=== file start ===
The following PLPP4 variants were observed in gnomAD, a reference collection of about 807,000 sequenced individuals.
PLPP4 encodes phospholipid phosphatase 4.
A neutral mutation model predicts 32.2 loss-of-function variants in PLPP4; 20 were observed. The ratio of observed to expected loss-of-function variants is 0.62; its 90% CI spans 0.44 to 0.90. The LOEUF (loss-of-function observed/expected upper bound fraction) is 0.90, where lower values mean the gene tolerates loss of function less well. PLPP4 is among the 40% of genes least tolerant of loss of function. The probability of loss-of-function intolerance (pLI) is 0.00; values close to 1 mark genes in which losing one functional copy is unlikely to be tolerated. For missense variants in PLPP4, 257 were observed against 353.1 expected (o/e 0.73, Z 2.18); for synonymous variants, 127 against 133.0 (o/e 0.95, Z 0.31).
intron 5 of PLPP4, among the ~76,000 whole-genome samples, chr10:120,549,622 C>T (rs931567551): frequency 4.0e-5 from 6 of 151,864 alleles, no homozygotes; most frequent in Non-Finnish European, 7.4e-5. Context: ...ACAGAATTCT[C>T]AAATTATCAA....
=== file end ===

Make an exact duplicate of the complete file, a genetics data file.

The following PLPP4 variants were observed in gnomAD, a reference collection of about 807,000 sequenced individuals.
PLPP4 encodes phospholipid phosphatase 4.
A neutral mutation model predicts 32.2 loss-of-function variants in PLPP4; 20 were observed. The ratio of observed to expected loss-of-function variants is 0.62; its 90% CI spans 0.44 to 0.90. The LOEUF (loss-of-function observed/expected upper bound fraction) is 0.90, where lower values mean the gene tolerates loss of function less well. PLPP4 is among the 40% of genes least tolerant of loss of function. The probability of loss-of-function intolerance (pLI) is 0.00; values close to 1 mark genes in which losing one functional copy is unlikely to be tolerated. For missense variants in PLPP4, 257 were observed against 353.1 expected (o/e 0.73, Z 2.18); for synonymous variants, 127 against 133.0 (o/e 0.95, Z 0.31).
intron 5 of PLPP4, among the ~76,000 whole-genome samples, chr10:120,549,622 C>T (rs931567551): frequency 4.0e-5 from 6 of 151,864 alleles, no homozygotes; most frequent in Non-Finnish European, 7.4e-5. Context: ...ACAGAATTCT[C>T]AAATTATCAA....